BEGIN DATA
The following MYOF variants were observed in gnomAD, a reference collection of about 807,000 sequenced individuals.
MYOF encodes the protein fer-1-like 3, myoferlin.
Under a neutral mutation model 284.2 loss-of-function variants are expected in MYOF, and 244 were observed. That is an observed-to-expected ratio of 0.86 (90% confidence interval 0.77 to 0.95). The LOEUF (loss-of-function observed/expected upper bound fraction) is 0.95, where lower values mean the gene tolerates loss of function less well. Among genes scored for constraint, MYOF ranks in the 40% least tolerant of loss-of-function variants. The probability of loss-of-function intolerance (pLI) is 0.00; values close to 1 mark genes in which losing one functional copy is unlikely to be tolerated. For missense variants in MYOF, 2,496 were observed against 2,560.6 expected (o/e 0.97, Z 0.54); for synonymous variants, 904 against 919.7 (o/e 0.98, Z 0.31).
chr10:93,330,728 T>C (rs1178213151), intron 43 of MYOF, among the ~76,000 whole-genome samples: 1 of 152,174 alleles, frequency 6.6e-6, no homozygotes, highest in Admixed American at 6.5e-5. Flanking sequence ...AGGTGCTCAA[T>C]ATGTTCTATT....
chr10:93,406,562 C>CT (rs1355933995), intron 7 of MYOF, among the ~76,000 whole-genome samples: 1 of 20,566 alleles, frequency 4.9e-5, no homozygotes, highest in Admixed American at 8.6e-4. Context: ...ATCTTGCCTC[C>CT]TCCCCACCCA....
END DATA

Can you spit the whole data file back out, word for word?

The following MYOF variants were observed in gnomAD, a reference collection of about 807,000 sequenced individuals.
MYOF encodes the protein fer-1-like 3, myoferlin.
Under a neutral mutation model 284.2 loss-of-function variants are expected in MYOF, and 244 were observed. That is an observed-to-expected ratio of 0.86 (90% confidence interval 0.77 to 0.95). The LOEUF (loss-of-function observed/expected upper bound fraction) is 0.95, where lower values mean the gene tolerates loss of function less well. Among genes scored for constraint, MYOF ranks in the 40% least tolerant of loss-of-function variants. The probability of loss-of-function intolerance (pLI) is 0.00; values close to 1 mark genes in which losing one functional copy is unlikely to be tolerated. For missense variants in MYOF, 2,496 were observed against 2,560.6 expected (o/e 0.97, Z 0.54); for synonymous variants, 904 against 919.7 (o/e 0.98, Z 0.31).
chr10:93,330,728 T>C (rs1178213151), intron 43 of MYOF, among the ~76,000 whole-genome samples: 1 of 152,174 alleles, frequency 6.6e-6, no homozygotes, highest in Admixed American at 6.5e-5. Flanking sequence ...AGGTGCTCAA[T>C]ATGTTCTATT....
chr10:93,406,562 C>CT (rs1355933995), intron 7 of MYOF, among the ~76,000 whole-genome samples: 1 of 20,566 alleles, frequency 4.9e-5, no homozygotes, highest in Admixed American at 8.6e-4. Context: ...ATCTTGCCTC[C>CT]TCCCCACCCA....